"Successful implementation of multifunctional teams requires a fundamental redesign of the entire organization."
— Christopher Meyer, Fast Cycle Time: How to Align Purpose, Strategy, and Structure for Speed
For organizations with a large workforce in which a variety of software, tools, and processes are used, with multiskilled people who are working on multidimensional projects, and problem statements crossing paths with each other, it is imperative that they create a centralized structure for a successful transition to Agile.
One of the most important things is to cultivate agility at the organizational level, helping people from all levels understand the principles and propagate them to various groups and departments. "Doing Agile" is now common, and organizations and their teams are doing it day in, day out. However, "being Agile" is tough, so it's advisable for organizations to form a group or a more formal entity, such as an Agile Center of Excellence (COE).
Agile COE brings together a dedicated team of professionals made up of Agile experts, coaches, and practitioners, as well as domain and technical experts who have an understanding of Agile. These individuals provide support to ensure a consistent Agile implementation across the organization. Although at the individual levels they may be involved in Agile consulting, Agile coaching, or in the Agile delivery process, the Agile COE's focus should also be on supporting, standardizing, and bringing agility from top to bottom. These individuals are not preachers but rather practitioners and change agents who show how things work in an Agile environment.
An Agile transformation is often focused at the Scrum-team level, with the least focus at the program and portfolio levels of the organization. An Agile COE can help by sustaining the momentum of the transformation efforts. As a result, the entire organization reaps the benefits of Agile principles and practices that are effectively scaled throughout the business and operations.
In general, an Agile COE should follow these guidelines:
- Establish thought leadership as a way to increase the organization's maturity level and thus its ability to adopt Agile.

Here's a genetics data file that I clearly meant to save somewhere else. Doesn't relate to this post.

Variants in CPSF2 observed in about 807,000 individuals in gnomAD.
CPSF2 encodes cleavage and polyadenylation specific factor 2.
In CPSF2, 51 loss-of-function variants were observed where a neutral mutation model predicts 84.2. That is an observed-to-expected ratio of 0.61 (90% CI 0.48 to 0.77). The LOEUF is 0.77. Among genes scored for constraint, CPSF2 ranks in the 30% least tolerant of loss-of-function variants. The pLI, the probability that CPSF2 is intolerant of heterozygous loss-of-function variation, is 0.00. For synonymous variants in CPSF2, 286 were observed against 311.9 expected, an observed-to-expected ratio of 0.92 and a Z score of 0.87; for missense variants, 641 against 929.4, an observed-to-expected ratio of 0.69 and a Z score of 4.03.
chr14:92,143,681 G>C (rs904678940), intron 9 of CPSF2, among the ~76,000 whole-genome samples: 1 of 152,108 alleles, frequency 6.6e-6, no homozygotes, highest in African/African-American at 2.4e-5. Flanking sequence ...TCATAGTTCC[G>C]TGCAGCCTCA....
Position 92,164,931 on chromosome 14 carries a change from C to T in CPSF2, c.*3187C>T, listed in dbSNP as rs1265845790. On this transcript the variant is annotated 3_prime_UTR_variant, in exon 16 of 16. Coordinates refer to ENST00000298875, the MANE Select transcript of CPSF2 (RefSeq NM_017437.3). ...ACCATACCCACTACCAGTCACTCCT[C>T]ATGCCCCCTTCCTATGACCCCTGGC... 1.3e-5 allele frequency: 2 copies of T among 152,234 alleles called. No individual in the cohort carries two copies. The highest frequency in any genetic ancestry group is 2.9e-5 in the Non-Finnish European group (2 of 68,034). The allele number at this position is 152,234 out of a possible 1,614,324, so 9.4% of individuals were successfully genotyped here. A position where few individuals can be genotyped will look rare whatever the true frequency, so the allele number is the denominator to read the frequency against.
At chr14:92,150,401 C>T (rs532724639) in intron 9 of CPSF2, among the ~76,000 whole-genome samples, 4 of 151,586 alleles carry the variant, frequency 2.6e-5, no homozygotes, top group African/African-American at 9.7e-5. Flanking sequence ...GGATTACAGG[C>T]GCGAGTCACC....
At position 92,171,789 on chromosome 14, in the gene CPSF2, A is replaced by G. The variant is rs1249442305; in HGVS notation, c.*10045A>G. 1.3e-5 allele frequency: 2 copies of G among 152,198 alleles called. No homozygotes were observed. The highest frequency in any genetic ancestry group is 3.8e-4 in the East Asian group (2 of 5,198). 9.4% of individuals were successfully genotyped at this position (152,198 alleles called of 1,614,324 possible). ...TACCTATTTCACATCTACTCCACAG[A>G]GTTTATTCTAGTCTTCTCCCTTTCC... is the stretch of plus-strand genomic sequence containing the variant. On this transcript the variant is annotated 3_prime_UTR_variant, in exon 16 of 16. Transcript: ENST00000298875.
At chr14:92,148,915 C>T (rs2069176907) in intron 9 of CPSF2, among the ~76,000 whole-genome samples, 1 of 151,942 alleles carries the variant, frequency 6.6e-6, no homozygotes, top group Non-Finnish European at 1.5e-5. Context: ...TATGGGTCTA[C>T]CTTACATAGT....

- Maximize an Agile transformation at a strategic enterprise, program, and project level.
- Define and craft an Agile processes and best practices charter that can be shared and scaled throughout the enterprise.
- Build a knowledge base of Agile practices, and support the team by answering any queries while working in an Agile ecosystem.
- Provide business solutions to presales, clients, and delivery teams.
- Standardize tools and templates across the enterprise and tailor them according to need.
- Achieve operational excellence, enhance business values and business process improvement, and augment develop/deploy methods that comply with industry best practices.
- Keep up with the latest technologies and innovation.
- Coach and train engineers and managers on Agile values, principles, methods, and practices.
- Assess the Agile implementation of different projects, identifying any gaps or improvement areas.
- Put in place output measures that track results delivered.
- Formalize the team, integrate it with strategic planning, and expand it across the organization.
- Continue to improve, adapt, and advance capabilities.
- Build competent, collaborative teams.
- Employ a leadership collaboration style.
- Encourage teams to commit, act, be open, and to have the courage to follow rules.
- Be open, transparent, and available so that people can reach out to have their their queries solved or get clarification and support in implementing Agile.
One of the most important responsibilities of COEs is to cultivate the Agile mindset at the top level of the organizational hierarchy. It is quite easy to train and coach a team that is going to work on a project, but it is difficult to transform top management's thought process about the Agile framework. The top-down approach always helps the team; it increases their faith in management and enables transparency at all levels. The responsibility lies with the leadership hierarchy that runs the operation. They are the teachers/coaches on this journey.
The fifth Agile principle, "Build projects around motivated individuals. Give them the environment and support they need, and trust them to the job done," makes sense for the Agile COE to follow and put into practice in programs.
Initially, most organizations deploy a steering committee, group, or forum with a defined set of people, which gradually matures into a full-fledged Agile COE. In a nutshell, Agile COE is formed to provide support, guidance, learning, governance, and measurements at the enterprise, portfolio, and project levels so that Agile values are consistent and create an Agile DNA for the organization.